meant it.
		Hell, that's probably the only thing I've 
		told the media that was the truth!

		Ha ha ha!  Well, good night, Mr. President.

	Weinburger turns and continues down the stairs.  As 
	Quayle resumes his climb, the portrait of Lincoln 
	catches his eye.

		"Honesty is the best policy."  Humbug.  That 
		shows what you know!

	He continues up the stairs and off screen.

4	INT. UPSTAIRS HALLWAY - WHITE HOUSE                        4

	Quayle emerges from the stairwell and proceeds 
	downstage toward the door to his presidential bedroom. 
	Mrs. Quayle is out spouting her just-say-no-to-drugs 
	message to a bunch of people who are unaware of the 
	money drug smugglers pay the U.S., so Dan Quayle is 
	alone for the evening.  He reaches his bedroom door and 
	is about to turn the handle when the knocker in the 
	center of it -- which is there for purely ornamental 
	reasons -- catches his eye and stops him cold.

5	ANGLE ON DOOR KNOCKER                                      5

	The door knocker has taken on the semblance of a bronze 
	statue of GEORGE BUSH.  It shines with an eerie, 
	emerald halo.


	In complete surprise and disbelief, Quayle rubs his 
	eyes and stares open-mouthed and wrinkle-browed at the 
	knocker again.

7	ANGLE ON DOOR KNOCKER                                      7

	The door knocker is once again its original bas-relief 
	self, and is not glowing emerald or any other color.

8	INT. UPSTAIRS HALLWAY - SAME ANGLE                         8

	Quayle puzzles, then becomes disgusted with himself.

		Bah, humbug.

	He opens the door and steps into:

9	INT. QUAYLE'S BEDROOM                                      9

	The room is decked out in the farthest limits of 
	Victorian costliness and good taste.  Quayle closes the 
	door behind himself and chuckles over what he thought 
	he saw.  Just to be on the safe side, though, he locks 
	all seven of the latches on the door.

10	INT. QUAYLE'S BEDROOM - NIGHT                             10

	Only the table-top lamp is on in the room.  Quayle, now 
	in his pajamas, yawns and crawls into bed.  He reaches 
	over to the table-top lamp and switches in off,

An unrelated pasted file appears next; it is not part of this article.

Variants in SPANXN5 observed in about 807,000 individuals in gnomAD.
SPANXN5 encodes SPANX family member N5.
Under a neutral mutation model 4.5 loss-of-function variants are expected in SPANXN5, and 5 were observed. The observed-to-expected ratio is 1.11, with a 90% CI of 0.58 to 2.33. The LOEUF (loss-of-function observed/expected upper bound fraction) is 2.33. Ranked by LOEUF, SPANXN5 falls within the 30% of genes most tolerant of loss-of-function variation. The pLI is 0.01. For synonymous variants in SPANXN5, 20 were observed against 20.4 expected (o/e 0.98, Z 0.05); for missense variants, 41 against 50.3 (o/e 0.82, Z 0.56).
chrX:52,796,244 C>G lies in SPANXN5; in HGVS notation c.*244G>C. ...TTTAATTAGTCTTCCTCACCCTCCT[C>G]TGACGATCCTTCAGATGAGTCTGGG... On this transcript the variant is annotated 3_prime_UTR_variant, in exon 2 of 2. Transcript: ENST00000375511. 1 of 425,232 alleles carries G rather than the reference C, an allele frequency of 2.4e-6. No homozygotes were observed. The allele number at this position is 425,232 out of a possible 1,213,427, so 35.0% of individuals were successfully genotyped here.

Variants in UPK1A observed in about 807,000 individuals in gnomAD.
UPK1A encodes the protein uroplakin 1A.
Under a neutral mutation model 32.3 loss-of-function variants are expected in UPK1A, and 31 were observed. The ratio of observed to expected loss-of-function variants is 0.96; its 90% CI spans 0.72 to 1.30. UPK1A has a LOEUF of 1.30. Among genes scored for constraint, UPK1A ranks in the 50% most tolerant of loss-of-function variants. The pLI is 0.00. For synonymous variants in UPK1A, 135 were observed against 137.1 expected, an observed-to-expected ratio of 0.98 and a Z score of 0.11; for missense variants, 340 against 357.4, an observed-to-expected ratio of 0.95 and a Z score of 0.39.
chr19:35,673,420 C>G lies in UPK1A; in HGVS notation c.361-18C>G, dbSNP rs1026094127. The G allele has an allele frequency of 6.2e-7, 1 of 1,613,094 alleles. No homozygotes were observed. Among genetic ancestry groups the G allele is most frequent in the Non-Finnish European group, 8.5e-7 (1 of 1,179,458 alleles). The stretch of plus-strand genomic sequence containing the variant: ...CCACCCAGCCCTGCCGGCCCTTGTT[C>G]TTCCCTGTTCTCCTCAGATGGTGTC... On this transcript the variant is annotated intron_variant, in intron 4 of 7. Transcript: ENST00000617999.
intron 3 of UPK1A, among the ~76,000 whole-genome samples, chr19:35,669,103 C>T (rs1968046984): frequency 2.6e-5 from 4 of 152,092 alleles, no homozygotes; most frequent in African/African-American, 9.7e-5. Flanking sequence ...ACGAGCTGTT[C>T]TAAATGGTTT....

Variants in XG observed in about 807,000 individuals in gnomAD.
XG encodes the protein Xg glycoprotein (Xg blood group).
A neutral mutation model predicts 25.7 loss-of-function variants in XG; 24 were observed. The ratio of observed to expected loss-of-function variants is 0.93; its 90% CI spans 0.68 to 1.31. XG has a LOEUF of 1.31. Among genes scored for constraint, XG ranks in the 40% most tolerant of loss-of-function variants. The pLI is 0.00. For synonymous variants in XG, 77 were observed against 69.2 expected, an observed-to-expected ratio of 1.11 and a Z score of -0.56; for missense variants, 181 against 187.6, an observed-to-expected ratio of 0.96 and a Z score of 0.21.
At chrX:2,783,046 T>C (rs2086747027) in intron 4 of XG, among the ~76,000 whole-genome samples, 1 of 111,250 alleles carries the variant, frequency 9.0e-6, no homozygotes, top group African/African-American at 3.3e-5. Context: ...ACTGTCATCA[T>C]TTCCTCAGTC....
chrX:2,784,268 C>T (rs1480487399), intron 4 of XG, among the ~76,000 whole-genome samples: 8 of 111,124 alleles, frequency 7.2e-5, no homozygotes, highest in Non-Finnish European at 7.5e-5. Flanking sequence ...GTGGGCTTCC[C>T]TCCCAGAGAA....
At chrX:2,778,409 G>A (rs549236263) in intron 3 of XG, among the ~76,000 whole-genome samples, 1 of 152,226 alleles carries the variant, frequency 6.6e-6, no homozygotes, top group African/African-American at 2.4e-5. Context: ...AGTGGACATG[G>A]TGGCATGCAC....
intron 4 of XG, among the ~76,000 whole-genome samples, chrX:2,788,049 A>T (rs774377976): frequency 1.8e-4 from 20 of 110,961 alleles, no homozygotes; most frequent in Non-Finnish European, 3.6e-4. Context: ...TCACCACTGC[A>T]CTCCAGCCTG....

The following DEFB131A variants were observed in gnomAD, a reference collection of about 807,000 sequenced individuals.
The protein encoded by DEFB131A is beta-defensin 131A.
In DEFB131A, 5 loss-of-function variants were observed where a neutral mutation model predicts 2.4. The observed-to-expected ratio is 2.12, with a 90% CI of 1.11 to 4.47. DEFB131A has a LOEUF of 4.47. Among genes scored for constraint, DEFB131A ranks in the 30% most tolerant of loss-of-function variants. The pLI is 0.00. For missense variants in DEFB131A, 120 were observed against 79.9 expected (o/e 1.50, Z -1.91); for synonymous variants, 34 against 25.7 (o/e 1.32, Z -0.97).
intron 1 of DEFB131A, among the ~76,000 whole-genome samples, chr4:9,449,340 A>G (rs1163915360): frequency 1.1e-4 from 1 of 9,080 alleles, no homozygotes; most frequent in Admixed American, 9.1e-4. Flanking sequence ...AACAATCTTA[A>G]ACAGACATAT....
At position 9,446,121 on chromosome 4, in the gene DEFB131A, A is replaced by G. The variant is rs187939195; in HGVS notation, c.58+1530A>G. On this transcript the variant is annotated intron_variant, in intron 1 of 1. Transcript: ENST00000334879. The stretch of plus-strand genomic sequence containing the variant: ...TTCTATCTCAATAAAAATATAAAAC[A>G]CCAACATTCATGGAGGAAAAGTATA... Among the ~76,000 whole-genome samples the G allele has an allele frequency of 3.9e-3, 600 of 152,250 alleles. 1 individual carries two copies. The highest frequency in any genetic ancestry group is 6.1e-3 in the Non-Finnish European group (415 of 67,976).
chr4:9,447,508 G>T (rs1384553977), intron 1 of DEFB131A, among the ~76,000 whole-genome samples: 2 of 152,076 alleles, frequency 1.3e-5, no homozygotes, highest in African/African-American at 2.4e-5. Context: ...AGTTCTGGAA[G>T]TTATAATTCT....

plunging the room into near-darkness.  

	He sighs as sleep begins to settle in.  A few seconds 
	pass.  Then, we hear the distant CLANKING of chains.  
	Quayle sits up with a start.  The CLANKING sounds get 
	louder.  Quayle leans over to his end table and pushes 
	a button on his intercom.

		White house security!
		White house security!!
		Damn, the lines are down again!

	Now quite worried, Quayle switches on the light and 
	draws the covers up in front of his face.  The CLANKING 
	continues to get louder and closer.  He glances at a 
	nearby wall.

11	INT. QUAYLE'S BEDROOM - ANGLE ON UNIFORM                  11

	A spiffy soldier's uniform hangs from a peg, as if on 
	display.  The badge reads "Dan Quayle -- National 
	Guardsman First Class."


	Quayle is now hiding completely under the covers and 
	shaking feverishly.  The CLANKING of the chains is so 
	close and distinct now that FOOTSTEPS can be heard 
	accompanying it -- however, it still sounds like 
	there's a wall between us and the thing making the 

	Suddenly, the sound shifts, and is much more distinct, 
	as though the source of the sounds moved through the 
	wall to this side of it.  Quayle peeks up from behind 
	the covers and gasps.


	The "thing" that has been making the sounds is an 
	emerald-colored, transparent image of GEORGE BUSH.  It 
	is dragging a very long and odd-looking chain behind 
	itself.  The image notices that Quayle has noticed it.

		Dan Quayle . . .

	He takes a couple of steps closer.

14	MEDIUM ANGLE ON BOTH OF THEM                              14

                    (feigning ignorance)
		There's nobody here by that --

		Daaaaan Quaaaaaaaaaayle . . .

		G-g-g-get out of here!  G-g-go on, shoo!

		Oh, relax, Dan, it's only me.

		B-b-but you're dead!

		And I've been that way for two long years.